You might be surprised to learn the history of neckties is a long one with many twists and turns! In Ancient Egypt, a rectangular piece of cloth worn tied showed social status. There is archaeological evidence during the Roman Empire; men wore neckwear that looks much like the today’s necktie.
A version of an early necktie was found buried in the mausoleum of China’s Emperor Shih Huang Ti who died in 210 B.C. Shih Huang Ti was immortalized recently in the movie The Mummy: Tomb of the Dragon Emperor.
The Chinese emperor was afraid of dying alone and wanted to slaughter an entire army to accompany him into the afterlife. He was persuaded by his advisers to take only life-size statues to the grave instead. Each figure wore a different neck cloth, which gives us a glimpse at historic styles of neckwear.
In 113 A.D. Roman Emperor, Trajan, erected a marble column to commemorate a victory over his enemies. The thousands of realistic figures displayed show three separate kinds of neckties worn in those days.
Some experts credit Croatia as the inspiration for modern neckwear in the history of neckties. It is said to have begun in the 17th century as a symbol of love.
The story goes, a young solider was preparing to leave his village and join the war. His beloved tied a brightly colored scarf around his neck to remind him of her love while they were separated.
As time went by the knotted neckerchief became a symbol for Croatian troops fighting in the Thirty Years War (1618-1648). The French took notice of the Croats fighting style and their fashion sense. The French word for tie is cravat, thought to be a variation of “Croat.” The bow tie got its name from the French, jabot, a type of 17th century lace cravat.
Parisian courtiers copied the Croatian kerchiefs, and called them ‘les cravates‘. Soldiers adorned their necks with lace while officers wore silk or muslin. Poor people wore cotton or pleated black taffeta cravats. 18th century aristocrats, politicians, and generals wore lace cravats as seen in art museum paintings.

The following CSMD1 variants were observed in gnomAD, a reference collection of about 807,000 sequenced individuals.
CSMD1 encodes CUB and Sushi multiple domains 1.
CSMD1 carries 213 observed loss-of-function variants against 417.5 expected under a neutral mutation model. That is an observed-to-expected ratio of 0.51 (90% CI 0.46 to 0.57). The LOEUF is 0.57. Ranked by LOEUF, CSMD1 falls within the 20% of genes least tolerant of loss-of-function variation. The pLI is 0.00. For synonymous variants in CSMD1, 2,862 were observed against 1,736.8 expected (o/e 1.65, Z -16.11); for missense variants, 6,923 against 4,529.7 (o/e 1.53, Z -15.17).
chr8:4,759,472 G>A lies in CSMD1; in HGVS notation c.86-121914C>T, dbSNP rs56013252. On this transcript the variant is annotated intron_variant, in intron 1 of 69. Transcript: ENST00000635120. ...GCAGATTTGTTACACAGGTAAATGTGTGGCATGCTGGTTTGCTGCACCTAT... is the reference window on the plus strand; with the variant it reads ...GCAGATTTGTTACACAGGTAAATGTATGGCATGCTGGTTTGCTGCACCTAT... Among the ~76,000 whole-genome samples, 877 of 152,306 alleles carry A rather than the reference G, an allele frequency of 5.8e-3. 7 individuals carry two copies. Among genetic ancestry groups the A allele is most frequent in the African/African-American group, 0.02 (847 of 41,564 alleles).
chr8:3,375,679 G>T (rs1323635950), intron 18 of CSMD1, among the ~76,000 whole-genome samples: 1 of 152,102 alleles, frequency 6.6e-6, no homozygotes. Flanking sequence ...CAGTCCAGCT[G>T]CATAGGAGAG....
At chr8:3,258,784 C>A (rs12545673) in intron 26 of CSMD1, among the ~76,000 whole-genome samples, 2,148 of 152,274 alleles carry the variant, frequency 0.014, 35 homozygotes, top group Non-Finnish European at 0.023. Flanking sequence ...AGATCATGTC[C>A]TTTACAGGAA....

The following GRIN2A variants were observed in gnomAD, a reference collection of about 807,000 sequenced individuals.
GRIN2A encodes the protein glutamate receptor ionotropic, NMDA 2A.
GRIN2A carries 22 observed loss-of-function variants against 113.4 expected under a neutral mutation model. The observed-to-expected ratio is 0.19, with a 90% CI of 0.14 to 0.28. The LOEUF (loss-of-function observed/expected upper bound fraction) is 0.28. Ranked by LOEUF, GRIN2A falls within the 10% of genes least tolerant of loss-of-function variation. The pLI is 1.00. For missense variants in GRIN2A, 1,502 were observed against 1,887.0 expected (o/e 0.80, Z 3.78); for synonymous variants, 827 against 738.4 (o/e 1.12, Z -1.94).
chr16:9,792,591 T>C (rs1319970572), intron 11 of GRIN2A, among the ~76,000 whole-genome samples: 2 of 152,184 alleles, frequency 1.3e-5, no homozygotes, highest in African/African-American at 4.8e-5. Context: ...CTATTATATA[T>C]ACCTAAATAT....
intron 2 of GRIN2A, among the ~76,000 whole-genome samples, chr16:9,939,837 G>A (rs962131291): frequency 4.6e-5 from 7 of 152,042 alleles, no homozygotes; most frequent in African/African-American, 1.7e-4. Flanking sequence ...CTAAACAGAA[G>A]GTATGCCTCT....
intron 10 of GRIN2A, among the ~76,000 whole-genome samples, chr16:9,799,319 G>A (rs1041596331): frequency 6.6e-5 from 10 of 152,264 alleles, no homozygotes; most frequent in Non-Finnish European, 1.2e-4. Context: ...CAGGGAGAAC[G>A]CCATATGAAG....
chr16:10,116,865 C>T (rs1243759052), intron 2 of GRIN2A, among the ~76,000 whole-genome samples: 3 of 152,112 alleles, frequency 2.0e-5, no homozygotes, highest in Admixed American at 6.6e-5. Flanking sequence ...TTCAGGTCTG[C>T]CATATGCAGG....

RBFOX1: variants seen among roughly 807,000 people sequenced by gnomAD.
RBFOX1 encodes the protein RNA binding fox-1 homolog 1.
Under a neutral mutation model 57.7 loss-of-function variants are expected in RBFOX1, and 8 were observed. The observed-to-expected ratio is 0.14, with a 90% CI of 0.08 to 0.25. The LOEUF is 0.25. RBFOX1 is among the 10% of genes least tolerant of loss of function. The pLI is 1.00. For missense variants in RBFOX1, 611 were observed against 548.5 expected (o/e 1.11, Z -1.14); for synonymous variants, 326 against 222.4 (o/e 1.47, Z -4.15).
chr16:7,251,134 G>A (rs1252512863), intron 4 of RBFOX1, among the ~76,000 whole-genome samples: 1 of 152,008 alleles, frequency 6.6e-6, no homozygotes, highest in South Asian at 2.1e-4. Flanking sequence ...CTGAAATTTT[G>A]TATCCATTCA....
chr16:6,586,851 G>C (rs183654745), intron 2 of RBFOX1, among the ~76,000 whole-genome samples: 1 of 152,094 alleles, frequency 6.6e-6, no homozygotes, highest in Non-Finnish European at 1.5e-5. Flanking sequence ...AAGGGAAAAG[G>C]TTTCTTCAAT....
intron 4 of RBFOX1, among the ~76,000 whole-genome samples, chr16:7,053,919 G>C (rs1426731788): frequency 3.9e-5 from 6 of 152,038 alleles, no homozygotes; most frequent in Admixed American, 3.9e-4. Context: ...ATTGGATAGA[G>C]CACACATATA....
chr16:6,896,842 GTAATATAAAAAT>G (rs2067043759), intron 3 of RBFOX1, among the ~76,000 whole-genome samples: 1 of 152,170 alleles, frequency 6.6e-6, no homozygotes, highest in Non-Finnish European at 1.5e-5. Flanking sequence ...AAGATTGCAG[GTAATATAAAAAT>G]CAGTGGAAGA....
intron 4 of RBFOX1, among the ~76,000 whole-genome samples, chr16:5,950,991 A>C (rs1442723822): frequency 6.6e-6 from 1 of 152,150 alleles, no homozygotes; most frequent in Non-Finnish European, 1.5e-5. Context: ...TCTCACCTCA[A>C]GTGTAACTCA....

In those days, fashion manuals showed 32 ways to tie a cravat. The four-in-hand-knot is still standard in the United States. The Windsor knot invented by the Duke of Windsor is more popular in Europe.
In the early 1800s, plantation owners displayed their superiority by wearing wide ribbons tied in bows creating the first American neckwear. The popularity of the black bow tie in the history of neckties dates to 1886, when Pierre Lorillard V invented the tuxedo.
After World War I, wild, hand-painted ties became a form of decoration in America. The pop art influenced styles of the late 1960s and early 1970s gave way to milder fashion designs. Ties became narrower, with subdued colors and patterns. Narrow one-inch wide ties became widely popular in the 1980s.
The history of neckties continued to evolve when unusual designs cropped up in the 1990s. Joke ties and neckties designed to make a statement became a common sight.